BAKERSFIELD, Calif. (KGET) —The Kern County Superintendent of Schools released information Tuesday on the decline in students’ grades during the fall 2020 semester.
The data — which covers the Kern High School District, Bakersfield City School District and the Panama Buena-Vista Union School District — shows a 14% increase in the number of students with failing grades in comparison to the previous fall semester.
The information from the three districts mentioned represents 45% of the K-12 students in Kern County. Unfortunately, a jump was seen in the percentage of students receiving F’s for the 2020 fall semester, with 18% of students failing compared to just 7% in the 2019 fall semester.
Additionally, certain student groups — including those who are socio-economically disadvantaged, (SED), English Language Learners (EL), students with disabilities and students who are both SET and EL — are seeing more of a disadvantage compared to other students.
Panama Buena-Vista saw the smallest increase of students receiving D’s or F’s at 13% while the Bakersfield City School District saw the highest increase of students receiving failing grades with 17%.
One mom and teacher for Highland High School said communication is key when it comes to ensuring students success, but there are many programs available for families online to help their children succeed, even if they were having a hard time and failed a class during the fall.
“I think we have kids who are thriving in this environment, so kudos to those kiddos,” said Meaghan Barber-Smith. “But then we have kids that really need that one on one, that teacher, whoever on campus to kind of keep them on track and guide them, so I think those rates were to be expected. Definitely not acceptable at all, but I know almost all the school districts locally are working on plans on trying to recoup some of that learning loss,”
Mrs. Barber-Smith mentioned that within the Kern High School District, the different school sites are offering something along the lines of makeup courses. Kids can make up their credits and prove their mastery of a subject virtually, either on the weekend, after school or even through evening courses.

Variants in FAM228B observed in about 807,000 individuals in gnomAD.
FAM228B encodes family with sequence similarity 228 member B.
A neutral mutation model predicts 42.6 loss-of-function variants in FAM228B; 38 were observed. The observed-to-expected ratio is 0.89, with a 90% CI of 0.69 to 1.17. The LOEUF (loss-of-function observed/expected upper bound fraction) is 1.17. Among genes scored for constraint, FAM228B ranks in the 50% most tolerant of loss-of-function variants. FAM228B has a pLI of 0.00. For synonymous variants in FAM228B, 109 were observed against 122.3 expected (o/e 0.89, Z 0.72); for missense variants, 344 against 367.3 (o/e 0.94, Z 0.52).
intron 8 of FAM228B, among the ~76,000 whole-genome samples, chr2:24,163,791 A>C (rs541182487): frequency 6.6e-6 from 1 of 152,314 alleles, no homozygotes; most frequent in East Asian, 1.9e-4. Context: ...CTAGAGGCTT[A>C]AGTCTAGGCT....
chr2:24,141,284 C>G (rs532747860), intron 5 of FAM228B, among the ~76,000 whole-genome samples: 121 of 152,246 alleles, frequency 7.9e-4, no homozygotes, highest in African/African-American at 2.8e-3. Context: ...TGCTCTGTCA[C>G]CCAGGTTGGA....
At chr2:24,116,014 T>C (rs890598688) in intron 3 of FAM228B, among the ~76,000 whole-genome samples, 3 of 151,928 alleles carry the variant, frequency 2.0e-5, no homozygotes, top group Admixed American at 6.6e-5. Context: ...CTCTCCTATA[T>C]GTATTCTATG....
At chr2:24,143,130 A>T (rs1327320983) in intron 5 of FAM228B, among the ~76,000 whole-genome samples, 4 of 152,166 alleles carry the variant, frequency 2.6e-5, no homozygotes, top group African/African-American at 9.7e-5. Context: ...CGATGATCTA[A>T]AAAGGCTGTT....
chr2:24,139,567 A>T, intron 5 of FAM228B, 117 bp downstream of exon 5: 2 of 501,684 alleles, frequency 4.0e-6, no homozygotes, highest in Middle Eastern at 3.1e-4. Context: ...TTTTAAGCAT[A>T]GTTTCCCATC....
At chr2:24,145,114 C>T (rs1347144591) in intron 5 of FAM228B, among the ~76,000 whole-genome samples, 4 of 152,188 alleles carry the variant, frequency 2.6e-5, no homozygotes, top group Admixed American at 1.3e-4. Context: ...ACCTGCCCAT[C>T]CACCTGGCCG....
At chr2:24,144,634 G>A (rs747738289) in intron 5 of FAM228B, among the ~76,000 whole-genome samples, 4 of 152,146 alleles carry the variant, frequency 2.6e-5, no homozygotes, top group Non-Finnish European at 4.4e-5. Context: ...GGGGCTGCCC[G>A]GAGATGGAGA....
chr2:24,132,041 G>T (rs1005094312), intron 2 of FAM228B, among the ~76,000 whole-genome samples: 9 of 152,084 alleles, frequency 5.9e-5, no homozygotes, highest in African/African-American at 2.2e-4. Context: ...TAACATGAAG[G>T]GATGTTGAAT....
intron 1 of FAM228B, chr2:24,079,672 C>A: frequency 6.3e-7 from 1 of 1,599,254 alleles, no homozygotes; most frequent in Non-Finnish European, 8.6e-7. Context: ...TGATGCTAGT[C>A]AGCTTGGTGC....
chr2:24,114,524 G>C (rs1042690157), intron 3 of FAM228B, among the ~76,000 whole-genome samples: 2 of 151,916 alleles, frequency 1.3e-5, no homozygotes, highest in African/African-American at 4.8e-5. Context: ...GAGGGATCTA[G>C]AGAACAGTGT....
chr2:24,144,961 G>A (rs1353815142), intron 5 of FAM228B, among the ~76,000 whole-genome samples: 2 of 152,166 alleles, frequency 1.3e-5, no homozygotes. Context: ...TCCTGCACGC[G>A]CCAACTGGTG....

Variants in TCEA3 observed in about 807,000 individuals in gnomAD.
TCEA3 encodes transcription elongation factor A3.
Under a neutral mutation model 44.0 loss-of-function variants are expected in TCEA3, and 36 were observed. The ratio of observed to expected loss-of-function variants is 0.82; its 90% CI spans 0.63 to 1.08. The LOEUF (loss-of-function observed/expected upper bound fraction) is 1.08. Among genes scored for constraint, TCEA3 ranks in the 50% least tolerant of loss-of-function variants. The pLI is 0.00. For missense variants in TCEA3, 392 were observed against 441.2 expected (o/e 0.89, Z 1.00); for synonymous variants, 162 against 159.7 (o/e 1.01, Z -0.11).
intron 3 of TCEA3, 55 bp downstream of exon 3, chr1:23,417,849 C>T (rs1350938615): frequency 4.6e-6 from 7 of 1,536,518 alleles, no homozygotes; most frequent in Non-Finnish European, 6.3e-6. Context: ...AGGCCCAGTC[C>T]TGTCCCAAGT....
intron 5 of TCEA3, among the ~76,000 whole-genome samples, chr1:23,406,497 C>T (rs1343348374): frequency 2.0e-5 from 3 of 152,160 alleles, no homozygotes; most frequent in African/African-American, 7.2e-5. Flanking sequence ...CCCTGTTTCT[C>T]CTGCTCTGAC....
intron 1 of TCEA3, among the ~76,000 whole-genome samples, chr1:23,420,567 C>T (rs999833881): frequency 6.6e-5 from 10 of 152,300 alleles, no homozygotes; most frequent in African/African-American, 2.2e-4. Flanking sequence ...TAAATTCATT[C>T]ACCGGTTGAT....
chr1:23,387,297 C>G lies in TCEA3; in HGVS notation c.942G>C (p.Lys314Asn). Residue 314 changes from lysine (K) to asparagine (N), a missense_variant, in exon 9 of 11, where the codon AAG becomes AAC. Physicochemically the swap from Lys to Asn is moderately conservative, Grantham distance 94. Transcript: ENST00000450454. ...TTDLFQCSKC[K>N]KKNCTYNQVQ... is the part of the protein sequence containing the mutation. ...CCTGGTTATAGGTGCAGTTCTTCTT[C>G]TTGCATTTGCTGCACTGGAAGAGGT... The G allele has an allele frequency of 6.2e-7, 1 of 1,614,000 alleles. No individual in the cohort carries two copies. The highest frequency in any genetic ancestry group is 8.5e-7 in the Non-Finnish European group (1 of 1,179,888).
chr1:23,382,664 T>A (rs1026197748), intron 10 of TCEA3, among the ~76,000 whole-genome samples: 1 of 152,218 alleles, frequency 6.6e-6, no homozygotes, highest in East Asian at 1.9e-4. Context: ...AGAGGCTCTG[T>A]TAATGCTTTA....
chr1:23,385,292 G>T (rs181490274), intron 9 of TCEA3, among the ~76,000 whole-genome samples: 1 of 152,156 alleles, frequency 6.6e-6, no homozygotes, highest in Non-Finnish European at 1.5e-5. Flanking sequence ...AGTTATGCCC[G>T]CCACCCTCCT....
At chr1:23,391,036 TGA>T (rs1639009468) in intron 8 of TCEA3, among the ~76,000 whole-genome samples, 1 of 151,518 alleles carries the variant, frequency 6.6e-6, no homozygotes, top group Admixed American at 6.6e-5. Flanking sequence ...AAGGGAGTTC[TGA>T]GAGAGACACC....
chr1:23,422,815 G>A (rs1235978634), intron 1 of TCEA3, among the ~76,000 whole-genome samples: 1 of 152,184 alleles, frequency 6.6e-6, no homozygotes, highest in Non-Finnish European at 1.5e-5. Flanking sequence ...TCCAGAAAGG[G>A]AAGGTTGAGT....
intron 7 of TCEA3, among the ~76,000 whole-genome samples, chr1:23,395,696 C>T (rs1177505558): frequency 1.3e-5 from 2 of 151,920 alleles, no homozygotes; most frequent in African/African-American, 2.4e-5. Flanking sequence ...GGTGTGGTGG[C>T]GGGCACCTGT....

“Giving them an additional opportunity to show that mastery, cause at the end of the day that’s what really matters, is can they walk away and really show us what they’ve learned,” she said. “So giving them additional opportunities, so kids really need to take advantage of that and parents definitely encourage their kids to take advantage of that as well.”
Barber-Smith stressed that open lines of communication between parents, students and teachers is a must.
The main reason educators suspect the increase in the failing percentage is because virtual school is essentially new territory for everyone involved. BCSD has transitioned one employee from being their education technology specialist to being their virtual learning coordinator.
“Right now, I am working with teachers, students, families to get them the tools they need and the support they need to use those tools to make learning fun, engaging, and productive as we navigate this ever-shifting environment,” said Rayshell Fambrough, virtual learning coordinator for the district.
Fambrough’s advice to families when managing virtual school is this:
“Really maintain and secure your lines of communication with parents, take breaks and have intense bursts of time where you are attending to your academics, and finally just take care of yourself. Know that you are worth it, you are important…and give yourself a little bit of freedom to play and a little bit of forgiveness if you are not 1000% successful,” Fambrough said.
Both women emphasize that at the end of the day, schools want to see their students succeed one way or another and they are here to help with that.